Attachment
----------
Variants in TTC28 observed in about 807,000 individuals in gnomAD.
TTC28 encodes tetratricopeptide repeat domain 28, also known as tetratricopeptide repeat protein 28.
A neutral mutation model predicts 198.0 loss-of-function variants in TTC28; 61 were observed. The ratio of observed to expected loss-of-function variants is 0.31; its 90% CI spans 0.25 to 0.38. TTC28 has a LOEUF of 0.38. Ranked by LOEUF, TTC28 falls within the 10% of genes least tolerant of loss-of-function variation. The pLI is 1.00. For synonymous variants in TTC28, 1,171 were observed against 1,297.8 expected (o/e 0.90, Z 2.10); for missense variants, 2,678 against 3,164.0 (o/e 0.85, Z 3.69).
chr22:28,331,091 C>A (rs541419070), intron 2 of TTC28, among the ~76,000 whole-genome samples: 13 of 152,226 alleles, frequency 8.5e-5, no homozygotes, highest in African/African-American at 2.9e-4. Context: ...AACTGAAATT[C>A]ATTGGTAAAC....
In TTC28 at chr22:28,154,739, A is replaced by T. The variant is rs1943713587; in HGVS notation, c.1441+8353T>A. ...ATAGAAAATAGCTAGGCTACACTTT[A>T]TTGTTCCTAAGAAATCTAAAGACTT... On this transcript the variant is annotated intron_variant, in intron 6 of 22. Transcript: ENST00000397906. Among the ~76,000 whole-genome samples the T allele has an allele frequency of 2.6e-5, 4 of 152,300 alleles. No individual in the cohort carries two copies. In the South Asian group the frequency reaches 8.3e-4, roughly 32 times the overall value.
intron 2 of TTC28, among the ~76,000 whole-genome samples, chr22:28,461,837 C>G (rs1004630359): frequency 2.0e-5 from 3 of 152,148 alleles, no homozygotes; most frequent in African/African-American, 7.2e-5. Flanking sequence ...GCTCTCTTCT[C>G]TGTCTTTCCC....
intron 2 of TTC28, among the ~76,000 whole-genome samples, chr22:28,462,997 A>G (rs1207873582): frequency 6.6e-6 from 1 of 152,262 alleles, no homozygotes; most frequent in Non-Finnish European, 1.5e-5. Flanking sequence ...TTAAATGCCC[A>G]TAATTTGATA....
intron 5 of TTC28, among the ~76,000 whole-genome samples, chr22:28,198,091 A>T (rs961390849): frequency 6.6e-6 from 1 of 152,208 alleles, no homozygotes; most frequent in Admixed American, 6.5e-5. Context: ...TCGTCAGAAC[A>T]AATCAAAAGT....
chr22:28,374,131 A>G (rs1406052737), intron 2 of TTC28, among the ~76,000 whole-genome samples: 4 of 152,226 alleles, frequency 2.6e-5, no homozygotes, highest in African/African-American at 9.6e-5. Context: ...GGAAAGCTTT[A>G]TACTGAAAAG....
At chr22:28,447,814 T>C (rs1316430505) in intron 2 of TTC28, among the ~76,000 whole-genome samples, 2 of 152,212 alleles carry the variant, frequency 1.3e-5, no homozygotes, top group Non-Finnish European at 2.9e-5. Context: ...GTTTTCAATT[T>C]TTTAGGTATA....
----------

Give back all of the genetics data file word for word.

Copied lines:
Variants in TTC28 observed in about 807,000 individuals in gnomAD.
TTC28 encodes tetratricopeptide repeat domain 28, also known as tetratricopeptide repeat protein 28.
A neutral mutation model predicts 198.0 loss-of-function variants in TTC28; 61 were observed. The ratio of observed to expected loss-of-function variants is 0.31; its 90% CI spans 0.25 to 0.38. TTC28 has a LOEUF of 0.38. Ranked by LOEUF, TTC28 falls within the 10% of genes least tolerant of loss-of-function variation. The pLI is 1.00. For synonymous variants in TTC28, 1,171 were observed against 1,297.8 expected (o/e 0.90, Z 2.10); for missense variants, 2,678 against 3,164.0 (o/e 0.85, Z 3.69).
chr22:28,331,091 C>A (rs541419070), intron 2 of TTC28, among the ~76,000 whole-genome samples: 13 of 152,226 alleles, frequency 8.5e-5, no homozygotes, highest in African/African-American at 2.9e-4. Context: ...AACTGAAATT[C>A]ATTGGTAAAC....
In TTC28 at chr22:28,154,739, A is replaced by T. The variant is rs1943713587; in HGVS notation, c.1441+8353T>A. ...ATAGAAAATAGCTAGGCTACACTTT[A>T]TTGTTCCTAAGAAATCTAAAGACTT... On this transcript the variant is annotated intron_variant, in intron 6 of 22. Transcript: ENST00000397906. Among the ~76,000 whole-genome samples the T allele has an allele frequency of 2.6e-5, 4 of 152,300 alleles. No individual in the cohort carries two copies. In the South Asian group the frequency reaches 8.3e-4, roughly 32 times the overall value.
intron 2 of TTC28, among the ~76,000 whole-genome samples, chr22:28,461,837 C>G (rs1004630359): frequency 2.0e-5 from 3 of 152,148 alleles, no homozygotes; most frequent in African/African-American, 7.2e-5. Flanking sequence ...GCTCTCTTCT[C>G]TGTCTTTCCC....
intron 2 of TTC28, among the ~76,000 whole-genome samples, chr22:28,462,997 A>G (rs1207873582): frequency 6.6e-6 from 1 of 152,262 alleles, no homozygotes; most frequent in Non-Finnish European, 1.5e-5. Flanking sequence ...TTAAATGCCC[A>G]TAATTTGATA....
intron 5 of TTC28, among the ~76,000 whole-genome samples, chr22:28,198,091 A>T (rs961390849): frequency 6.6e-6 from 1 of 152,208 alleles, no homozygotes; most frequent in Admixed American, 6.5e-5. Context: ...TCGTCAGAAC[A>T]AATCAAAAGT....
chr22:28,374,131 A>G (rs1406052737), intron 2 of TTC28, among the ~76,000 whole-genome samples: 4 of 152,226 alleles, frequency 2.6e-5, no homozygotes, highest in African/African-American at 9.6e-5. Context: ...GGAAAGCTTT[A>G]TACTGAAAAG....
At chr22:28,447,814 T>C (rs1316430505) in intron 2 of TTC28, among the ~76,000 whole-genome samples, 2 of 152,212 alleles carry the variant, frequency 1.3e-5, no homozygotes, top group Non-Finnish European at 2.9e-5. Context: ...GTTTTCAATT[T>C]TTTAGGTATA....